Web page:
It is perhaps further worth remarking, that Jason took one of the two sacred vocal oaks of the grove of Dodona to make the keel of the Argos, for so his ship was called; mysteriously joining together architecture or masonry, and the Druidical priesthood, or power of explaining the oracles. For, our guardian will have it so, that the Pagan priesthood was always in the Druids or masons, and that there was a perceivable glimmering of the Jewish rites in it, although much corrupted, as I said; that the Pagan Worship was chiefly in groves of oak; that they always looked upon the oak as sacred to Jupiter; which notion is countenanced (making allowance for the Paganism) by the patriarchs; for you see in Genesis, that Abraham sacrificed under the oaks of Mamre. Joshua indeed took a great stone, and put it up under the oak, emblematically joining the two great elements of masonry to raise an altar for the LORD.

Our guardian also says, that Cæsar’s description of the Druids of Gaul,is as exact a picture of a lodge of Free Masons as can possibly be drawn.

His reasons for the Manaboleth are the better worth discovering, for that I believe there are even some masons who know nothing of it, viz. that it hath been an antient practice among the cabalistic philosophers to make every Hebrew Letter an hieroglyphic, mysterious in its figure above all other letters, as being thus shaped and formed by the immediate directions of the Almighty, whereas all other LETTERS are of human invention.

Secondly, that the Manaboleth hath a very close and unconstrained analogy with masonry or architecture; for that every letter of the Hebrew alphabet, as also of the Syriac, Chaldaic, and Irish alphabets, derived from it, have their names from timber-trees, except some few which have their names from stones; and I think it is pretty plain, that timber and stone are as much the elements of masonry as the alphabet is of books, which is a near relation enough between architecture and learning of all kinds, and naturally shews why the Druids, who took their title from a tree, kept learning and architecture jointly within themselves.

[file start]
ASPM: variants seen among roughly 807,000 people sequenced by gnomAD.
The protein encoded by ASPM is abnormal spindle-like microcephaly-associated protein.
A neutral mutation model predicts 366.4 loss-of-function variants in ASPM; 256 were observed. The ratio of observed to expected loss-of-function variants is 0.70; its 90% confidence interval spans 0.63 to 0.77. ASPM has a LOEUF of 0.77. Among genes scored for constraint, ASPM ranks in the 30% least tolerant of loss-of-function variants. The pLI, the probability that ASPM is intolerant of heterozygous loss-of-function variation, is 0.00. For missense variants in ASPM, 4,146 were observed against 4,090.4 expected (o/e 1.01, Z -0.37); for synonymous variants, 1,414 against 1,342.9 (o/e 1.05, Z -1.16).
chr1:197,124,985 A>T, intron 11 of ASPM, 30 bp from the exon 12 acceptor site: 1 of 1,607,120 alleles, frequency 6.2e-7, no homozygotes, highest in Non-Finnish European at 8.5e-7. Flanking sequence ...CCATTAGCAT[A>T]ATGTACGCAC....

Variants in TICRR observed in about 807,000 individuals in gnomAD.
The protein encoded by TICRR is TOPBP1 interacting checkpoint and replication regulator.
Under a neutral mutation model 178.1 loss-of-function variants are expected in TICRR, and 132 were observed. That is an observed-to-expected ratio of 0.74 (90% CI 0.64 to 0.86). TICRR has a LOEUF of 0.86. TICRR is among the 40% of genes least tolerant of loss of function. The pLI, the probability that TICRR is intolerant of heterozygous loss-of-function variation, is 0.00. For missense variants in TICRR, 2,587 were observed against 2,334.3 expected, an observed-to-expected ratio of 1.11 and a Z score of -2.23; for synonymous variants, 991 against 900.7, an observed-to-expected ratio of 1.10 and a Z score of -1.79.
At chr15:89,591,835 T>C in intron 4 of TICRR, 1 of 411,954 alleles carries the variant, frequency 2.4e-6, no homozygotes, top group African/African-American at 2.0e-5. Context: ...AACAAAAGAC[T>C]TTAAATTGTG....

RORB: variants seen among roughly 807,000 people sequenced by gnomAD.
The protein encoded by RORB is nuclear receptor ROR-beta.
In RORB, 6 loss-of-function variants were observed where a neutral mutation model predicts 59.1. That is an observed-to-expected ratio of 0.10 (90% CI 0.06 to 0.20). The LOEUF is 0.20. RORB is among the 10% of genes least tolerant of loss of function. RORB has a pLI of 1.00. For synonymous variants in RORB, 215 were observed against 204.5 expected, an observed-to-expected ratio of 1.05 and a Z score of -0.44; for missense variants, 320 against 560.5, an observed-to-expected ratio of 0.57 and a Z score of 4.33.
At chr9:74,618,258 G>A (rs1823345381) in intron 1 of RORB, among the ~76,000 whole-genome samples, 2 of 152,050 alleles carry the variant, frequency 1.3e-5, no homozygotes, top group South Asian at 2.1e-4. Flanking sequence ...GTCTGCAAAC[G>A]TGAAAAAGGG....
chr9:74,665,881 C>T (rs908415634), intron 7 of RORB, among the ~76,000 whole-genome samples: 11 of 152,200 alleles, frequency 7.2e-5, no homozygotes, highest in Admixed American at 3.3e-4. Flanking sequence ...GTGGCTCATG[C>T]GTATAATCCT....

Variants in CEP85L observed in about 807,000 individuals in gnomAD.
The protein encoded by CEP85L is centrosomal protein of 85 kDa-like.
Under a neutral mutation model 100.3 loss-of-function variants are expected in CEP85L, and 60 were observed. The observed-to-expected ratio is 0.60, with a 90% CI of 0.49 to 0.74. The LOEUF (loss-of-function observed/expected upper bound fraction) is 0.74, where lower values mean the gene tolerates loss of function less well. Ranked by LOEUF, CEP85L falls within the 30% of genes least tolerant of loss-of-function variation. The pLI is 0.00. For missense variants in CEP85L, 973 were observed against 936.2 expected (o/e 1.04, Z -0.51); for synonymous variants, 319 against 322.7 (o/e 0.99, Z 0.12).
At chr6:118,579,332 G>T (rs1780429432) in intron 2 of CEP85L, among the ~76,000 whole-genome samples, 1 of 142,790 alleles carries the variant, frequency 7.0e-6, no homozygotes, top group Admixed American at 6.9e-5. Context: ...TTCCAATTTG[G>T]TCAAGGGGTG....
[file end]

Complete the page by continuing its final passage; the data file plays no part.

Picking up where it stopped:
Next week shall be published the Free Masons oath, with the remarks upon it of a young clergyman, who has petitioned to be admitted chaplain to our lodge, which is to be kept at Mrs Prater’s female coffeehouse, every Tuesday from nine in the morning to twelve, and the tenth day of every month in the year; where all ladies of true hearts and sound morals, shall be admitted without swearing.

I think it proper to insert the Free Masons SONG commonly sung at their Meetings, though by the by, it is of as little signification as the rest of their secrets. It was writ by one Anderson, as our guardian informeth me, just to put a good gloss on the mystery, as you may see by the words.



Come let us prepare
We brothers that are
Assembled on merry occasion;
Let’s drink, laugh, and sing,
Our wine has a spring;
Here’s a health to an accepted MASON.


The world is in pain
Our secrets to gain,
And still let them wonder and gaze on,
They ne’er can divine
The word or the sign,
Of a free and an accepted MASON.


’Tis this and ’tis that,
They cannot tell what,
Why so many great men of the nation,
Should aprons put on,
To make themselves one,
With a free and an accepted MASON.


Great kings, dukes and lords,
Have laid by their swords,
Our myst’ry to put a good grace on;
And ne’er been asham’d,
To hear themselves nam’d,
With a free and an accepted MASON.


Antiquity’s pride
We have on our side,
And it maketh men just in their station:
There’s nought but what’s good,
To be understood
By a free and an accepted MASON.


Then join hand in hand,
To each other firm stand,
Let’s be merry and put a bright face on:
What mortal can boast
So noble a toast,
As a free and an accepted MASON?


Mr Faulkner,

Our lodge unanimously desire you will give their sincere respects to your ingenious DRAPER, to whose pen we, as well as the rest of the nation, own ourselves obliged. If he be not already a Free Mason, he shall be welcome to be our deputy-guardian.

Your humble servant,


Tsrif eht Tsugua Nilbud.

Source: Swift, Jonathan. The works of Dr Jonathan Swift, Dean of St Patrick's, Dublin. Accurately corrected by the best editions. With the author's Life and character; Notes historical, critical, and explanatory; Tables of contents, and indexes. More complete than any preceding edition. In eight volumes. Vol. 8. Edinburgh: printed for A. Donaldson, at Pope's Head, MDCCLXI. [1761].